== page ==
Certainly, the state could have put up the additional $5 million and, of course, it should have, if it meant reducing Glynn's rent by many times $5 million.

New York Parks also -- shockingly -- gave him control of the observation deck and elevators in 2002, bringing him an additional $1.1 million per year or more in revenue.

More than 1.6 million people per year pay $1 admission to go to the observation deck or down to the bottom of the gorge to his boat ride. Glynn keeps 75 cents. The state gets 25 cents.

Funny, the state used to charge 25 cents before 2002. Glynn immediately raised the price to a dollar. The entire increase went to Glynn.

The state also built Glynn a souvenir store and designed it so it required all people who went on his boat ride or the observation deck to exit through his Maid of the Mist souvenir store.

The extra 1.6 million people forcibly herded through his souvenir store annually must have earned him something over the past decade.

The $25 million also built new, high-speed, air-conditioned elevators that go down faster to Glynn's boats.

It also eliminated the old observation tower that one viewed when they went on elevators up and away from his boats. Before the $25 million "improvement," people had the option to go up to the tower or down to the boats. The state eliminated the tower, so people had (like with his souvenir store) no option once they got on the elevators but go down to where Glynn's enterprises -- in this case, boats -- awaited.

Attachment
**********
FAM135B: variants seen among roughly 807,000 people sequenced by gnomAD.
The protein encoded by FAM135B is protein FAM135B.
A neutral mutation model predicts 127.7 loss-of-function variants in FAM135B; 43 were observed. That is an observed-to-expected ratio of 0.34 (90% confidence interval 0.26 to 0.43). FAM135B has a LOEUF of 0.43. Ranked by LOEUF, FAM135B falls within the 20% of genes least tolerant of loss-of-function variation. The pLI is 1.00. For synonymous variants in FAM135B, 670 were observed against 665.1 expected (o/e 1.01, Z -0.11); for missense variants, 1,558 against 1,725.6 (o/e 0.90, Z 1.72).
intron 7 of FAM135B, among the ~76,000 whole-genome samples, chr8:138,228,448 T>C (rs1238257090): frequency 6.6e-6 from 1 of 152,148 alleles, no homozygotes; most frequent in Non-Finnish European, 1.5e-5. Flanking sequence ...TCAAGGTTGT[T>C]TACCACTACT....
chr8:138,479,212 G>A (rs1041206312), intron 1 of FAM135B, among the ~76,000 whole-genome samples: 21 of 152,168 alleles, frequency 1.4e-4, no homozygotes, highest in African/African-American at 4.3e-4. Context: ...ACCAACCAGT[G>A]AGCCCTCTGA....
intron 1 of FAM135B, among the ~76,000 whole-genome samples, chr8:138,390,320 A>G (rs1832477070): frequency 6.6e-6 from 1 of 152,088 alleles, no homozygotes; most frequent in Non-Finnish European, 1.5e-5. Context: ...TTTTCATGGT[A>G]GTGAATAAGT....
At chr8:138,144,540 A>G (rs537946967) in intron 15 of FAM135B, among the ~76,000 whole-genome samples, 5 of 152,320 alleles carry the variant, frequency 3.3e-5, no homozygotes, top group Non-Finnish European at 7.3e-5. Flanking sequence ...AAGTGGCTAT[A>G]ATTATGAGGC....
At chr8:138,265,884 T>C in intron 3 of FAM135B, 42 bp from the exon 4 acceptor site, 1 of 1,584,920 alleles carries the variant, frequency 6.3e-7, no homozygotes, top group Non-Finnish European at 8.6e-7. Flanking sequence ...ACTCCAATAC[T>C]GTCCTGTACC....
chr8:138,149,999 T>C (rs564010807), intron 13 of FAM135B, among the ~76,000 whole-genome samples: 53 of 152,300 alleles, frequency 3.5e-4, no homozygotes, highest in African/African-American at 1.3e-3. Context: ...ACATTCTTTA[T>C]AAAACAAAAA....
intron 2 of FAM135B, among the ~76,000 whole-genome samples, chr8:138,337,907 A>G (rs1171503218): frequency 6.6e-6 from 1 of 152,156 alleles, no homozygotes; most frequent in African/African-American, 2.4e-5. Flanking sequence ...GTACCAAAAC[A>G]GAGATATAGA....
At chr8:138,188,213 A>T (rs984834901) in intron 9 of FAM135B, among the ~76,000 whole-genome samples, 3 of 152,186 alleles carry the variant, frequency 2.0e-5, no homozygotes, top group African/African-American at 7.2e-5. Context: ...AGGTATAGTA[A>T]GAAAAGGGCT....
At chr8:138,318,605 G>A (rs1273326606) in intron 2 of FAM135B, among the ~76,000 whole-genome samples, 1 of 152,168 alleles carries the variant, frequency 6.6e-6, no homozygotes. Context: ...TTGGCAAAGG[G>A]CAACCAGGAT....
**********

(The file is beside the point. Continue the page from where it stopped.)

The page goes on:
The state handed control of one attraction to Glynn, the observation deck, eliminated another attraction, the tower, gave Glynn a souvenir store, and forced everyone through his store.

Then reduced his rent for his boats by more than $500,000 a year for 40 years.

In the nine years of the lease so far, he saved $4.5 million in rent and made $8 million from the elevators and observation deck, plus whatever he made from the new souvenir store.

Not bad for $5 million.

"Can the lease be broken?" Ceretto asked. "I want answers. Much of it came to light because of Hornblower's agreement."

Glynn got a deal where (based on what Hornblower bid) he pays $2.5 million per year less than market value for 40 years in return for a one-time investment of $5 million.

If the lease is not broken, Glynn will keep his New York lease at 4 percent for the next 30 years, and the people of this generation will be deprived of getting anywhere near a fair rent for what may be the premier boat tour attraction in the world, while the people in Canada rake in hundreds of millions to invest in their parks.

One man, John Ceretto, assemblyman for Niagara Falls, seems to want to do something about it.

He wants fair rent for the boat tours under the falls.

"New York State Parks has a lot of explaining to do," Ceretto said. "I look forward to listening to them."

The formerly secret, sweetheart 2002 lease between New York Parks and the Maid of the Mist Corp. can be read online at



  Copyright © 2008 Frank Parlato Jr.